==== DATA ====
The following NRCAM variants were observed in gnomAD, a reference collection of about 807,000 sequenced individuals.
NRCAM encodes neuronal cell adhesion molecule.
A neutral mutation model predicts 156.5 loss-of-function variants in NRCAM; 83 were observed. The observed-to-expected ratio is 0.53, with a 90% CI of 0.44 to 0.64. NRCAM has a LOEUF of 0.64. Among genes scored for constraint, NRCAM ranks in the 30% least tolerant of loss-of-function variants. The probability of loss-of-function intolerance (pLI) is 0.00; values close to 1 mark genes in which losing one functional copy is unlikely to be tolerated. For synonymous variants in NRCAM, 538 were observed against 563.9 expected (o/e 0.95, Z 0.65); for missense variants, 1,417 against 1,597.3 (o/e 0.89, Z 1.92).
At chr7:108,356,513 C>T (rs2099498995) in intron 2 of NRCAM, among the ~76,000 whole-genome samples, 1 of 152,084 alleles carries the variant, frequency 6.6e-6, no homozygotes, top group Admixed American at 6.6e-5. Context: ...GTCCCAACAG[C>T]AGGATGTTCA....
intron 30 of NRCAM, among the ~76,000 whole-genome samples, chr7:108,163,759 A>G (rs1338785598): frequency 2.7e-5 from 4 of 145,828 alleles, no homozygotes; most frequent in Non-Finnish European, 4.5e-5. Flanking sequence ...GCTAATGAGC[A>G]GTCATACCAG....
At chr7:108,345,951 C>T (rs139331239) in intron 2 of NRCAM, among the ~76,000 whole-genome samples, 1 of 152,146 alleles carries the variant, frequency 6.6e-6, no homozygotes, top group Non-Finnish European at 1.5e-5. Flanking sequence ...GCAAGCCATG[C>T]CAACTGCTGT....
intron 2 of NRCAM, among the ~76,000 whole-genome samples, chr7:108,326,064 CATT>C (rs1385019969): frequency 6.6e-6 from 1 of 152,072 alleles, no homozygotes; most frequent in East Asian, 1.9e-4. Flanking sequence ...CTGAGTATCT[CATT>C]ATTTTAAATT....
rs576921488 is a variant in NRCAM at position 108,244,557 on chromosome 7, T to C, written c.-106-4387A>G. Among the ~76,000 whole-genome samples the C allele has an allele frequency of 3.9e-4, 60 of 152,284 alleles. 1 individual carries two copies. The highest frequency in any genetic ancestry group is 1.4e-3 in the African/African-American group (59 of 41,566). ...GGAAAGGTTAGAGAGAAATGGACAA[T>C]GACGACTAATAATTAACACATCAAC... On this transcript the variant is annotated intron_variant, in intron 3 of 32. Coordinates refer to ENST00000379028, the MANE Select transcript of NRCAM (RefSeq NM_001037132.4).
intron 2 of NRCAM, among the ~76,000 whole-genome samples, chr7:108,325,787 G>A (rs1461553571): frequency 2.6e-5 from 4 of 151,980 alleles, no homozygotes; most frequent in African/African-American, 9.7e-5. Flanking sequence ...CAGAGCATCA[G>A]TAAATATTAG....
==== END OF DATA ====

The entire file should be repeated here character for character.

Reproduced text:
The following NRCAM variants were observed in gnomAD, a reference collection of about 807,000 sequenced individuals.
NRCAM encodes neuronal cell adhesion molecule.
A neutral mutation model predicts 156.5 loss-of-function variants in NRCAM; 83 were observed. The observed-to-expected ratio is 0.53, with a 90% CI of 0.44 to 0.64. NRCAM has a LOEUF of 0.64. Among genes scored for constraint, NRCAM ranks in the 30% least tolerant of loss-of-function variants. The probability of loss-of-function intolerance (pLI) is 0.00; values close to 1 mark genes in which losing one functional copy is unlikely to be tolerated. For synonymous variants in NRCAM, 538 were observed against 563.9 expected (o/e 0.95, Z 0.65); for missense variants, 1,417 against 1,597.3 (o/e 0.89, Z 1.92).
At chr7:108,356,513 C>T (rs2099498995) in intron 2 of NRCAM, among the ~76,000 whole-genome samples, 1 of 152,084 alleles carries the variant, frequency 6.6e-6, no homozygotes, top group Admixed American at 6.6e-5. Context: ...GTCCCAACAG[C>T]AGGATGTTCA....
intron 30 of NRCAM, among the ~76,000 whole-genome samples, chr7:108,163,759 A>G (rs1338785598): frequency 2.7e-5 from 4 of 145,828 alleles, no homozygotes; most frequent in Non-Finnish European, 4.5e-5. Flanking sequence ...GCTAATGAGC[A>G]GTCATACCAG....
At chr7:108,345,951 C>T (rs139331239) in intron 2 of NRCAM, among the ~76,000 whole-genome samples, 1 of 152,146 alleles carries the variant, frequency 6.6e-6, no homozygotes, top group Non-Finnish European at 1.5e-5. Flanking sequence ...GCAAGCCATG[C>T]CAACTGCTGT....
intron 2 of NRCAM, among the ~76,000 whole-genome samples, chr7:108,326,064 CATT>C (rs1385019969): frequency 6.6e-6 from 1 of 152,072 alleles, no homozygotes; most frequent in East Asian, 1.9e-4. Flanking sequence ...CTGAGTATCT[CATT>C]ATTTTAAATT....
rs576921488 is a variant in NRCAM at position 108,244,557 on chromosome 7, T to C, written c.-106-4387A>G. Among the ~76,000 whole-genome samples the C allele has an allele frequency of 3.9e-4, 60 of 152,284 alleles. 1 individual carries two copies. The highest frequency in any genetic ancestry group is 1.4e-3 in the African/African-American group (59 of 41,566). ...GGAAAGGTTAGAGAGAAATGGACAA[T>C]GACGACTAATAATTAACACATCAAC... On this transcript the variant is annotated intron_variant, in intron 3 of 32. Coordinates refer to ENST00000379028, the MANE Select transcript of NRCAM (RefSeq NM_001037132.4).
intron 2 of NRCAM, among the ~76,000 whole-genome samples, chr7:108,325,787 G>A (rs1461553571): frequency 2.6e-5 from 4 of 151,980 alleles, no homozygotes; most frequent in African/African-American, 9.7e-5. Flanking sequence ...CAGAGCATCA[G>A]TAAATATTAG....